Saturday, April 30, 2011
We first met Cori and Lu at our 2008 CenCal Corgi Picnic when Merlin was just learning to use his cart and Lu was still just wobbling. Later we met at the beach in Santa Cruz with another friend and her dog in a cart due to DM, Cori and Lulu, Merlin and I, and my IVDD dog Candy.
Cori Troiani wrote the following story about her corgi, Lulu.
In the Spring of 2000, I was beginning to look for a Corgi puppy—our first after decades of having “full size” dogs. One day I was only planning to practice interviewing a breeder, having heard he only had a litter of male pups. I arrived to find 2 sixteen week old sisters and one, who became my Lulu, locked eye contact with me and never let go. It was love at first sight and over eleven years has grown into a mutual devotion filled with intimacy, joy, playfulness and, in her later years even a spiritual connection.
Soon after joining our family we took Lulu to a pond, where she observed a dog swimming and paddled out, entirely on her own, to join him. She has loved water her entire life and this has been a saving grace when she developed DM and could use her passion therapeutically, swimming every other day to maintain strength, coordination and flexibility. Her vet and I have no doubt that her swimming through the DM years slowed the advance of the disease process, as she maintained muscle tone, coordination and flexibility. Her rear feet paddled purposefully long after she could place them when in her cart.
Lu participated in an “agility for fun” group for a few years when she was young and was always the clown of the group; Her favorite encore would be an unprompted run through the tunnel with a grinning play to her audience for applause. She developed strength and endurance early on accompanying me on a daily 3 mile walk, as well as regular outings to the beach. Her greatest athletic joy, though, were the vacations in the high Sierra mountains every Summer and Fall. Camping together, we shared activities all day and evening—what could be better! She hiked all day, swimming in every body of water and enjoying the lean air and different smells. Her last camping trip was in July 2007, but we adapted to her developing DM by renting cabins from that point on. In August 2010 she played fetch at Lake Tahoe in her Eddies' Wheels cart and swam in a smaller, warmer lake. Bliss was written all over her face. Three months later the spinal degeneration was moving toward the front and since than our lives changed dramatically: less activity, more rest, more care.
Lu's lifelong passion for any kind of fetch game sustained her through her years with DM. As we entered the final months before she couldn't use even her front wheel extension cart, she played fetch a couple of times a day on our cement terrace. As she became less enthusiastic about sniffing walks, stroller excursions and even her people friends near the end, these few moments a day continued to bring joy and enthusiasm to an otherwise very limited daily routine. It helped that the fetch object squeeked!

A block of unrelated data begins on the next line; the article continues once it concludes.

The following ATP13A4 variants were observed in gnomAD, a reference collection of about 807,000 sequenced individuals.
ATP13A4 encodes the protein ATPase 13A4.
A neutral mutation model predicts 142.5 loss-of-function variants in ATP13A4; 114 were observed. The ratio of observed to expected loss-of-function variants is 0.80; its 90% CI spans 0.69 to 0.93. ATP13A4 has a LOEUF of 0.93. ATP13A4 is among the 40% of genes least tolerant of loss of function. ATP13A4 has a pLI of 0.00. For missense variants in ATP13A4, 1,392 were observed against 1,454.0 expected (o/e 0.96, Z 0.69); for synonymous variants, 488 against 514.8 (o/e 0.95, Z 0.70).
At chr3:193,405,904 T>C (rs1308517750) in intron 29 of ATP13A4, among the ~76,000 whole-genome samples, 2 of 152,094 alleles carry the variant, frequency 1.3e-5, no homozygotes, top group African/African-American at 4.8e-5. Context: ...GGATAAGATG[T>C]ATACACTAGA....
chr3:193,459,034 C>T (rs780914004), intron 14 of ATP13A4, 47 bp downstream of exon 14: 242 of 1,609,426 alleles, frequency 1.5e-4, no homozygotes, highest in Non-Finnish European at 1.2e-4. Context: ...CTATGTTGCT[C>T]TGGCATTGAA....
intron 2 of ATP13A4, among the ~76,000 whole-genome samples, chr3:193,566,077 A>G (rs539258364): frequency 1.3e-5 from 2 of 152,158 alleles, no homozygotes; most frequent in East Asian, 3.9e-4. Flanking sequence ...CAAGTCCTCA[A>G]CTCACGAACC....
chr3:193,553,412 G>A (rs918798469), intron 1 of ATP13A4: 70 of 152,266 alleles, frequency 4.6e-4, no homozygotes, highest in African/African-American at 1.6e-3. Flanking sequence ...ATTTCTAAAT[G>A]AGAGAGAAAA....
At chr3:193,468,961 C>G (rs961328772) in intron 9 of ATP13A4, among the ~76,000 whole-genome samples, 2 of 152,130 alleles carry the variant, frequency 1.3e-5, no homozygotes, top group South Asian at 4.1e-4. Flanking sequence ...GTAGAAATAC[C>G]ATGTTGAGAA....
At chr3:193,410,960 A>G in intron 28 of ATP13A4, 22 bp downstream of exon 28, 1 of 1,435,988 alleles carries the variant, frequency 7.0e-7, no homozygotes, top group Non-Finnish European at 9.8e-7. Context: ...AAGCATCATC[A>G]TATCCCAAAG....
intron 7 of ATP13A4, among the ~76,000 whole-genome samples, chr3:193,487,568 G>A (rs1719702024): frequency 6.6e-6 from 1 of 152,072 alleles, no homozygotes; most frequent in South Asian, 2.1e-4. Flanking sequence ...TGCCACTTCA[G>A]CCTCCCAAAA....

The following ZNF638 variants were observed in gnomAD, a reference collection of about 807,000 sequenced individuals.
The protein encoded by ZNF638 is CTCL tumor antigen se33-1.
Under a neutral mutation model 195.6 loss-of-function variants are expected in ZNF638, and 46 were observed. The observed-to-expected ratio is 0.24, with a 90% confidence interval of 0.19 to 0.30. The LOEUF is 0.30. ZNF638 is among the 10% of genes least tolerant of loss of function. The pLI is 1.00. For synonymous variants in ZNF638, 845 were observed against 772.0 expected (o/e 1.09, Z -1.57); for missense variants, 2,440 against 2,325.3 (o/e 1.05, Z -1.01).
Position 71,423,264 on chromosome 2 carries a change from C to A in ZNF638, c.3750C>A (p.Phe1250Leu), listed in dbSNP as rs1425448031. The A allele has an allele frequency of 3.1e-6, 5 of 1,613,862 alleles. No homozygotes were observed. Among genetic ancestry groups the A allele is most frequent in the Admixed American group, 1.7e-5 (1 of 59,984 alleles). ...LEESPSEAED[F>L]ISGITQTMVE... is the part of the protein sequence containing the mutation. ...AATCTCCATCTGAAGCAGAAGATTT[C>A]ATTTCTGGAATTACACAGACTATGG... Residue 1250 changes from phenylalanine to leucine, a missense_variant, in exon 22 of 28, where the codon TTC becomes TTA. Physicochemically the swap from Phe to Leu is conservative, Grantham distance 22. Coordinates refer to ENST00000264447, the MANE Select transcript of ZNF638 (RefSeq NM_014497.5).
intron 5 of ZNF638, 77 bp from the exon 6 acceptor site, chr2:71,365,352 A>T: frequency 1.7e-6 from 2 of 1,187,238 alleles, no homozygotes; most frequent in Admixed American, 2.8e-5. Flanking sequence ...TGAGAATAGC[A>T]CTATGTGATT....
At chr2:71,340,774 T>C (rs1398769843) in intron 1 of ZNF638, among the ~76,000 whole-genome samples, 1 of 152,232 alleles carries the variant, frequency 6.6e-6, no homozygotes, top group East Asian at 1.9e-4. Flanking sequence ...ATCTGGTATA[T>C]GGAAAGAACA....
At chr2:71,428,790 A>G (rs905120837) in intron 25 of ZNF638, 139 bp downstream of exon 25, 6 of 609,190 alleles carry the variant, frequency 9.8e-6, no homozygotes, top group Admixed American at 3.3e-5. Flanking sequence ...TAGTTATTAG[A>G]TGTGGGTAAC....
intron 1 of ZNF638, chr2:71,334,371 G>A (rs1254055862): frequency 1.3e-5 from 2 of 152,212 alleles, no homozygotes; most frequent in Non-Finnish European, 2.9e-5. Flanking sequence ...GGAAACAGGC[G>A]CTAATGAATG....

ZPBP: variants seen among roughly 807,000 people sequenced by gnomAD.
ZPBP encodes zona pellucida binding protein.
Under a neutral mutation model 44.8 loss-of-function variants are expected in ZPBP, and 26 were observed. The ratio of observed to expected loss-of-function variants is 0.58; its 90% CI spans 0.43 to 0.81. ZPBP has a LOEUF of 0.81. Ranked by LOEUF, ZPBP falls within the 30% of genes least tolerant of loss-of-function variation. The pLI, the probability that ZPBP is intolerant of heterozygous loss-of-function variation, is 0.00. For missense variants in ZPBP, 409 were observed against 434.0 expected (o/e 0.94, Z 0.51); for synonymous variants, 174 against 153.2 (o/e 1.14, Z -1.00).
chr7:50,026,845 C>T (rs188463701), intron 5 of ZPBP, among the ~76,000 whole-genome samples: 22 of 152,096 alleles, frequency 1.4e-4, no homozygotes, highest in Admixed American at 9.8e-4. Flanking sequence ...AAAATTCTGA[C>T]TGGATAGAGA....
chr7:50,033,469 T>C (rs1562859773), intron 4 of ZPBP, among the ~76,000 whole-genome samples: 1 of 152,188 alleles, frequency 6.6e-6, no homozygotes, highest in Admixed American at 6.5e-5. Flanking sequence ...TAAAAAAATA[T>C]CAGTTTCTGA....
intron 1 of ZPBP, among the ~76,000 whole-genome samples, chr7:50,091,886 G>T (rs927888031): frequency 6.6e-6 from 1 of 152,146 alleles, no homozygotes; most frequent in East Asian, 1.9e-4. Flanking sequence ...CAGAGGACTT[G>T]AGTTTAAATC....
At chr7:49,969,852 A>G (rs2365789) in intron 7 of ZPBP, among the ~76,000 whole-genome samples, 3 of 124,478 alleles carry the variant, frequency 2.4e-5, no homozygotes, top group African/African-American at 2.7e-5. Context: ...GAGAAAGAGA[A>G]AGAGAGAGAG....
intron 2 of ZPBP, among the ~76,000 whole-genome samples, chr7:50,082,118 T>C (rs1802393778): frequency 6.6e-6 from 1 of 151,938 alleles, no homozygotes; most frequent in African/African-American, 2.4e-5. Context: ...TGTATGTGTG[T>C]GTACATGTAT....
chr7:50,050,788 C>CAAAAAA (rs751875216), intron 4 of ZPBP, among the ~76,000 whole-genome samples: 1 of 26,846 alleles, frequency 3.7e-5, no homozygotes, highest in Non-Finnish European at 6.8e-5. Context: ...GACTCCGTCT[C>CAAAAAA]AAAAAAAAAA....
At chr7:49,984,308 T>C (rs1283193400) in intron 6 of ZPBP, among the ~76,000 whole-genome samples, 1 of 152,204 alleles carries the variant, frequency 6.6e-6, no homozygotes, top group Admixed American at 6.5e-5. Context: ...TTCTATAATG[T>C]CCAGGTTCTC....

Living with DM brought Lu and me even closer together and she adapted to every stage of deterioration with a great attitude: enthusiasm in the beginning and acceptance as we neared the end. Nothing has been so precious and rewarding as sharing these years with my beloved girl, and I know she felt the same.
Lulu's DM timetable: starting at age 8, summer of 2007: 1 year of subtle rear leg/gait changes—as this progressed we got her a Ruff Wear harness with a rear leash attachment and a big stroller, but she still was mobile on her own most of the time with increasing malfunction—lots of hippity-hop running and later the Corgi drunken sailor walk. In February 2009 we got an Eddies' Wheels cart that she occasionally practiced in but didn't use regularly until May. While I don't think all Corgis need 12” nubby wheels, they enabled Lu maintain her rough and tumble vigorous activities on a wide variety of rugged grounds
She pushed off with her rear feet for a long time, which meant lots of boot repair but also kept up muscle strength and coordination. In October, 2010 she moved to a front wheel extension cart from CorgiAid, which she used for 7 months. Throughout this tine she swam in her own heated hot tub every other day until January 2011, when she became too weak. Throughout her time with DM she received care from a holistic vet (acupuncture, gentle chiropractic, massage) at least monthly and I massaged her and did a variety of physical therapy techniques throughout these years. I haven't charted them, but I think Lulu held on to the plateaus of the progression of DM quite well.